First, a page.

Sunday, January 15, 2012

Gambling, Marriage, and Great Theatre

A new year and already the same old news: governments giveth, and they taketh away. To wit:

BC Premier Christy Clark announced this week that her provincial Liberals were reversing a decision of her predecessor, Gordon Campbell, and re-instituting gaming grants eligibility for arts groups, sports organizations, and the environmental sector, as well as permanently extending her previous one-time boost in available monies from $120 million to $135 million per year. But that's still well below 2009 levels, which is what an independent review of the gaming grants program called for by Clark herself recommended returning to. And such announcements notwithstanding, Clark can't outrun Campbell's long shadow, not least in the inevitable delays in reversing the HST based on last year's referendum results, and which will almost certainly follow her into the next provincial election. Perhaps that's why she's looking so grim these days.

Then came front-page headlines from the federal Conservatives that cast doubt on the legal validity of same-sex marriages of foreign nationals performed in Canada. While Prime Minister Harper quickly dismissed any notion that the stunning announcement from his Justice Minister, Rob Nicholson, was a covert way of re-opening the same-sex marriage debate in this country, there was a lot of nervous chatter on various news wires and Twitter feeds until Nicholson clarified that the government would act quickly to amend legislation to guarantee the legality of said marriages--as well as to provide easy mechanisms for their dissolution (which is what prompted the whole tempest in the first place). One such tweet came from sex advice columnist Dan Savage, who married his partner Terry Miller in Vancouver in 2005, and who quipped that he woke up to discover he had been divorced overnight.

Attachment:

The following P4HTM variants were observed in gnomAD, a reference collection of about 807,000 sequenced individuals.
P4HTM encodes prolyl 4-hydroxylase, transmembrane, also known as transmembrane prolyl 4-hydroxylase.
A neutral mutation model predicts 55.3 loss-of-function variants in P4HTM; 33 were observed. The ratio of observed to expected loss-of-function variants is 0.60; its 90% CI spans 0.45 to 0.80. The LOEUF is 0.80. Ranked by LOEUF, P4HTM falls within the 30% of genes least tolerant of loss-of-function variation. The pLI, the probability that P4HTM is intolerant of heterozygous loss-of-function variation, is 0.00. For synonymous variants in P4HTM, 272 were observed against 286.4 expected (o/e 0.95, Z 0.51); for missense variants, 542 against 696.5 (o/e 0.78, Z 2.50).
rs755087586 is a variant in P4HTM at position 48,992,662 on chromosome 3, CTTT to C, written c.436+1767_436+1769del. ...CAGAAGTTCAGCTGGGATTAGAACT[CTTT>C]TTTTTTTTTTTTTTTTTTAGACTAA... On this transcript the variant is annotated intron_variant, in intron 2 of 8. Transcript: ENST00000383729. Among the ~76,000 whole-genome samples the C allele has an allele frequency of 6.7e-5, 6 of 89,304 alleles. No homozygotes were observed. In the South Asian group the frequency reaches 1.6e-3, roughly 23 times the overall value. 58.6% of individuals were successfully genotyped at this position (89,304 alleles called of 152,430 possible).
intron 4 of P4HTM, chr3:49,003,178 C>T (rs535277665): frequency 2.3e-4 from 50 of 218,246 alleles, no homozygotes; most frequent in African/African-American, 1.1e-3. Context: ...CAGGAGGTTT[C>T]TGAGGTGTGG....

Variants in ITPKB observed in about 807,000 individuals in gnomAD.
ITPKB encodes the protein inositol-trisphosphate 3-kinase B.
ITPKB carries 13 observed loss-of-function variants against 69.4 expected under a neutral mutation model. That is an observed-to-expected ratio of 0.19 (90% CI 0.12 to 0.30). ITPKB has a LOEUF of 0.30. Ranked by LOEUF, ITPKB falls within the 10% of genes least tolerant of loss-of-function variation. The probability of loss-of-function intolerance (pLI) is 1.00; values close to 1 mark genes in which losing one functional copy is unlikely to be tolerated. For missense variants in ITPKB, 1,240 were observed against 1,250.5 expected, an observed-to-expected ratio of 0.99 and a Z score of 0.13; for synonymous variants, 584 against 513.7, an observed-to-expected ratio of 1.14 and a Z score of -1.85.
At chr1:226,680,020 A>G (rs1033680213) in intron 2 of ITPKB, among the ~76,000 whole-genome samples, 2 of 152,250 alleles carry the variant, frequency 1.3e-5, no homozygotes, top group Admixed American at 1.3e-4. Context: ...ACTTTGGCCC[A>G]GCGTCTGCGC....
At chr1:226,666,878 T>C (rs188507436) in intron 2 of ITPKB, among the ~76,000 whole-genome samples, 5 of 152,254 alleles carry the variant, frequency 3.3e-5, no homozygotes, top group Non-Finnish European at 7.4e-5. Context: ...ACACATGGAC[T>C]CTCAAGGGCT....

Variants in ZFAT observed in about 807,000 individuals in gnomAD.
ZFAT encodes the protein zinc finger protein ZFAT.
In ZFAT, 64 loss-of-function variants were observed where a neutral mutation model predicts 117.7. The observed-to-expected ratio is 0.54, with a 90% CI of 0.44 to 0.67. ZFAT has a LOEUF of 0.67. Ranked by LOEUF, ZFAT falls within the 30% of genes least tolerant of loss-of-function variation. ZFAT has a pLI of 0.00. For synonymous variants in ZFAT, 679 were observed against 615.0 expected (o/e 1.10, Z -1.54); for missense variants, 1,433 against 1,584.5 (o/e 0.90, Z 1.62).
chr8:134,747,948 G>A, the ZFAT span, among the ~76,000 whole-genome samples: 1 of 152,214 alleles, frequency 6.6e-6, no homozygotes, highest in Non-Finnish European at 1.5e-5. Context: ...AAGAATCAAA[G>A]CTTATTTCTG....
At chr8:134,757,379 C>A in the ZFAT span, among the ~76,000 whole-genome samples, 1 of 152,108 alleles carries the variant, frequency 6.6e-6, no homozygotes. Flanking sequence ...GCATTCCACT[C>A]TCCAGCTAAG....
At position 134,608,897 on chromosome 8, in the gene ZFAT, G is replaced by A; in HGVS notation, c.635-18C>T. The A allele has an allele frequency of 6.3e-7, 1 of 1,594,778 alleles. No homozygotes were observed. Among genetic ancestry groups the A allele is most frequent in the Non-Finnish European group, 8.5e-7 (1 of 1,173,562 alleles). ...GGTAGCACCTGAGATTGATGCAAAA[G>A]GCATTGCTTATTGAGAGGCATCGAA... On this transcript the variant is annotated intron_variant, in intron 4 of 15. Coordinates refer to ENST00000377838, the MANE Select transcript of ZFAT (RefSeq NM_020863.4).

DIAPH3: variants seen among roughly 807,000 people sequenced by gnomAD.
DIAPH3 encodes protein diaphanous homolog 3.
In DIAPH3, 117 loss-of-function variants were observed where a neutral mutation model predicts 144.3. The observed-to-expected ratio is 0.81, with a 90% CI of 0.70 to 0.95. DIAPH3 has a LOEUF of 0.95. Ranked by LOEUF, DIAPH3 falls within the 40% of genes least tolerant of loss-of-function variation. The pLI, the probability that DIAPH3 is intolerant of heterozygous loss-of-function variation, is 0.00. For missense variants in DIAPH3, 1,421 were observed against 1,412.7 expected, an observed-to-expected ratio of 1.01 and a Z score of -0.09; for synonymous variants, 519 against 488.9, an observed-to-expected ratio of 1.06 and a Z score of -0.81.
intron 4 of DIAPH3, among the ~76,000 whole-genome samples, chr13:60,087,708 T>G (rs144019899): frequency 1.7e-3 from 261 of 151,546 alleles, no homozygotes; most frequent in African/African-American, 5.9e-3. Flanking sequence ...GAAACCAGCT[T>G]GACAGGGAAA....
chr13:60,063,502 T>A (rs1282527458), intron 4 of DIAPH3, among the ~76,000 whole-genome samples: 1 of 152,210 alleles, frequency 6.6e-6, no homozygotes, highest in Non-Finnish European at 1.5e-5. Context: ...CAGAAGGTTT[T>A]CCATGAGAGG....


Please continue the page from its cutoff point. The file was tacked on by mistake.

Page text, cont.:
Speaking of Dan Savage (and sustainable arts funding), he's part of a group of Seattle-based cultural figures who have come together in a recent YouTube appeal by the Intiman Theatre in support of their goal to raise $1 million towards their reinvention as a sustainable live theatre company after their financial collapse and canceling of their 2011 season. If they are successful (they've raised just shy of half so far, but have only three weeks more to raise the rest), that reinvention will be launched this summer with a four-play festival performed by a repertory of 12 actors, and featuring a new work written and directed by Savage himself (who began his career as a theatre artist). Richard and I have seen many very fine productions at the Intiman over the years, and it would be a tragic loss to Seattle, and west coast theatre more generally, to see this institution disappear. That's why we've pledged money, and that's why I urge those of you who can to do the same. They are not asking for the money up front, just commitments to give. If they reach their goal, they will be in contact to collect the money; if not, well, let's not even go there. Here's the link to give. And here's the YouTube video describing the appeal:

Finally, speaking of great theatre and performance in our own backyard: only two more sleeps to the start of the PuSh Festival! We launch at the Fei and Milton Wong Experimental Theatre (and we'll be thinking of you, Milton--RIP) this Tuesday with Amarillo, from Mexico. Join us there if you can, or afterwards at our opening gala party at the Waldorf Hotel. Tickets for both events and a host of other great shows are available at And, as I've already shamelessly solicited your dollars on behalf of a rival arts organization, I would be remiss (especially as the Board's Fundraising Chair!) if I didn't also make an appeal for donations on behalf of PuSh. You can give online when you buy your tickets, or by taking away a pledge card at any of the performances over the next two weeks.

Thanks in advance for your support and hope to see you at a show. I will, as per past practice, try to blog about all the productions I see on this site.


No comments: